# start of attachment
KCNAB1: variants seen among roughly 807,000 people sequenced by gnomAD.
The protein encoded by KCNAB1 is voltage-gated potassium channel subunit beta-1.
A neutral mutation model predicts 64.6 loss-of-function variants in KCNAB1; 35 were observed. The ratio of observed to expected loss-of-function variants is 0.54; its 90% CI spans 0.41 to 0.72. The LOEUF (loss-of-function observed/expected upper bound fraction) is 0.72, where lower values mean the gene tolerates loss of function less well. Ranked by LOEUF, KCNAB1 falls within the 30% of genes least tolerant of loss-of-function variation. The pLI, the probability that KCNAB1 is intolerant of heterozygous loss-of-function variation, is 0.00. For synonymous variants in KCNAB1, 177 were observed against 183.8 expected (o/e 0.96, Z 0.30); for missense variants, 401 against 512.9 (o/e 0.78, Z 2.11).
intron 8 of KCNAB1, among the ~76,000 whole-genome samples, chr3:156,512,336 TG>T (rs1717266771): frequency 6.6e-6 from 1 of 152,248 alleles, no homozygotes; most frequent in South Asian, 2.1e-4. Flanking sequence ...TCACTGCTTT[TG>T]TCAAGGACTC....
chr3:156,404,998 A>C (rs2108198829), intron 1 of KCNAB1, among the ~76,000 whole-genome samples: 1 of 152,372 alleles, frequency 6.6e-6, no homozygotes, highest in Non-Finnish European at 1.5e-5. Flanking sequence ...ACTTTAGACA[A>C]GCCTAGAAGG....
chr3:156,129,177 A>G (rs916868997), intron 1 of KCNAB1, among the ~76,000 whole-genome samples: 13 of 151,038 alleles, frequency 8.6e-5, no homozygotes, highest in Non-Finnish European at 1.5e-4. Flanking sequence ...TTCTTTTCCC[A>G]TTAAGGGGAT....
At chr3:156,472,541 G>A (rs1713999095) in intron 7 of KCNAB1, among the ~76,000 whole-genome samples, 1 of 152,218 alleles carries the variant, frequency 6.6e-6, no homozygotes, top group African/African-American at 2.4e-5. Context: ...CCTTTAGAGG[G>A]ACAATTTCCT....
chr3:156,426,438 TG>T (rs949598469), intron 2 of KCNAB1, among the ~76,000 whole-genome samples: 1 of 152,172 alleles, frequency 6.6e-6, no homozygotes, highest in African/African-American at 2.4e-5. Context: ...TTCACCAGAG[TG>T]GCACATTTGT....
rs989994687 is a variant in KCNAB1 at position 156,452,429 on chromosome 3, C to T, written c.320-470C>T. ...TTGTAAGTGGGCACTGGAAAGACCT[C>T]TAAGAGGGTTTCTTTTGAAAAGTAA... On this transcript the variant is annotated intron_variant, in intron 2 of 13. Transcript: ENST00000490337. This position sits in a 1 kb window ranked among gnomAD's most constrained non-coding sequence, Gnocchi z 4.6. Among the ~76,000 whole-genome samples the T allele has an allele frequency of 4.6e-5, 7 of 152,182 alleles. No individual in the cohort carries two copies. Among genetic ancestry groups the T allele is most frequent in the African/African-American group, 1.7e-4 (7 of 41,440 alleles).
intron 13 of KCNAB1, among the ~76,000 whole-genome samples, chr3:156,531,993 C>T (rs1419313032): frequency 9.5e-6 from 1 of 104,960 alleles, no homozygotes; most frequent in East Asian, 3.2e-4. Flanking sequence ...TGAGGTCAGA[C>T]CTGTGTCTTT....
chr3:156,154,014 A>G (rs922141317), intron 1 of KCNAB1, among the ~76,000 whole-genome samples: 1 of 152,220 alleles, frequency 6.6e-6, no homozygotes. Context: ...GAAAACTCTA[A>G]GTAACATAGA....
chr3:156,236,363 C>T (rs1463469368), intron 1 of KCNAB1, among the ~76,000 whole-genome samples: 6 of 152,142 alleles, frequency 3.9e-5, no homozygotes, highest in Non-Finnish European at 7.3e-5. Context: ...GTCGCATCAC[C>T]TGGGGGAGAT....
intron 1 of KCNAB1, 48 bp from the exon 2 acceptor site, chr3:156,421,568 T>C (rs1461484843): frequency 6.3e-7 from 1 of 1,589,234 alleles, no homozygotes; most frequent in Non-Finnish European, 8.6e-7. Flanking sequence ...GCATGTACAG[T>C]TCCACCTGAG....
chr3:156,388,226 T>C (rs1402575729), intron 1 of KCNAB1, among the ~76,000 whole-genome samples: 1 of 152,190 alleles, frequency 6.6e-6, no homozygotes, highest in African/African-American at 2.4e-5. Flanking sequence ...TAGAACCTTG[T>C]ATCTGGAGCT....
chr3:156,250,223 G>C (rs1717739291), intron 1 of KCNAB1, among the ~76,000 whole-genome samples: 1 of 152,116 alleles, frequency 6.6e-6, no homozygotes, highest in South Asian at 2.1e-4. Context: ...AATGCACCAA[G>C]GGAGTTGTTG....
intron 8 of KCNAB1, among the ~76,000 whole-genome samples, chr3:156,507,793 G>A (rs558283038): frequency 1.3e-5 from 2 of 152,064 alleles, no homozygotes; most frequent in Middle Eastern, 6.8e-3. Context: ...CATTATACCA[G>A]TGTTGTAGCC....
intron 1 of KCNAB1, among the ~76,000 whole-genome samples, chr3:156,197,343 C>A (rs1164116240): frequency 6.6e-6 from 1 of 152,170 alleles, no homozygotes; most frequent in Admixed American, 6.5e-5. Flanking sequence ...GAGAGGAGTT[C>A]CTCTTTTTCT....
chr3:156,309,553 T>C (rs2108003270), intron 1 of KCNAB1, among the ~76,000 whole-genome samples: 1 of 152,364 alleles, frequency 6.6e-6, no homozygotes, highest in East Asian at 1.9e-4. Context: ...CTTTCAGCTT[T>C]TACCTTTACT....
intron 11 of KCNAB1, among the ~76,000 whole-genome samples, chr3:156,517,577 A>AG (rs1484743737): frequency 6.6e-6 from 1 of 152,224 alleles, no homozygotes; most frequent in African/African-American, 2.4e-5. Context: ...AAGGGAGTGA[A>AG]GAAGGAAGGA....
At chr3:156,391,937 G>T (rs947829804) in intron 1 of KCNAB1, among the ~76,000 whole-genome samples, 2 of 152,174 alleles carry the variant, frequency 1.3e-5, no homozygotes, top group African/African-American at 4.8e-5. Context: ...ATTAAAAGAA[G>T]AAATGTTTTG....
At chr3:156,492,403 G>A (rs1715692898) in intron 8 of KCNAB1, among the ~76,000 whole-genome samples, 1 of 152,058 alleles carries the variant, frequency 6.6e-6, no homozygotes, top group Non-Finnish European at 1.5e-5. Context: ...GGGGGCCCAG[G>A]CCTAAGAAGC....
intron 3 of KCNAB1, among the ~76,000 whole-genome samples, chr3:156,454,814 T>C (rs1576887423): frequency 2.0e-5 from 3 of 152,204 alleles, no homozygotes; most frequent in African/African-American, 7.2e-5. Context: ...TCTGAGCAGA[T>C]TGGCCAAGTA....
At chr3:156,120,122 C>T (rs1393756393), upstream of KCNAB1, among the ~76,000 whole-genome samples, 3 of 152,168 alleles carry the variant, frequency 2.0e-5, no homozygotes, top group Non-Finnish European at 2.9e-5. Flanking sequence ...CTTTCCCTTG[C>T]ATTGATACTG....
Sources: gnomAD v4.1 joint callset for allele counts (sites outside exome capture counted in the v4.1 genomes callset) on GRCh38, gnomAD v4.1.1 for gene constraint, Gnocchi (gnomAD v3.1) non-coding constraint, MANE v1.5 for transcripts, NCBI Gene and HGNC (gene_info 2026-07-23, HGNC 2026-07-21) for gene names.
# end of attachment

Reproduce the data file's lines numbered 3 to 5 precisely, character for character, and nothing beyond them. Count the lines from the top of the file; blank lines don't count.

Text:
A neutral mutation model predicts 64.6 loss-of-function variants in KCNAB1; 35 were observed. The ratio of observed to expected loss-of-function variants is 0.54; its 90% CI spans 0.41 to 0.72. The LOEUF (loss-of-function observed/expected upper bound fraction) is 0.72, where lower values mean the gene tolerates loss of function less well. Ranked by LOEUF, KCNAB1 falls within the 30% of genes least tolerant of loss-of-function variation. The pLI, the probability that KCNAB1 is intolerant of heterozygous loss-of-function variation, is 0.00. For synonymous variants in KCNAB1, 177 were observed against 183.8 expected (o/e 0.96, Z 0.30); for missense variants, 401 against 512.9 (o/e 0.78, Z 2.11).
intron 8 of KCNAB1, among the ~76,000 whole-genome samples, chr3:156,512,336 TG>T (rs1717266771): frequency 6.6e-6 from 1 of 152,248 alleles, no homozygotes; most frequent in South Asian, 2.1e-4. Flanking sequence ...TCACTGCTTT[TG>T]TCAAGGACTC....
chr3:156,404,998 A>C (rs2108198829), intron 1 of KCNAB1, among the ~76,000 whole-genome samples: 1 of 152,372 alleles, frequency 6.6e-6, no homozygotes, highest in Non-Finnish European at 1.5e-5. Flanking sequence ...ACTTTAGACA[A>C]GCCTAGAAGG....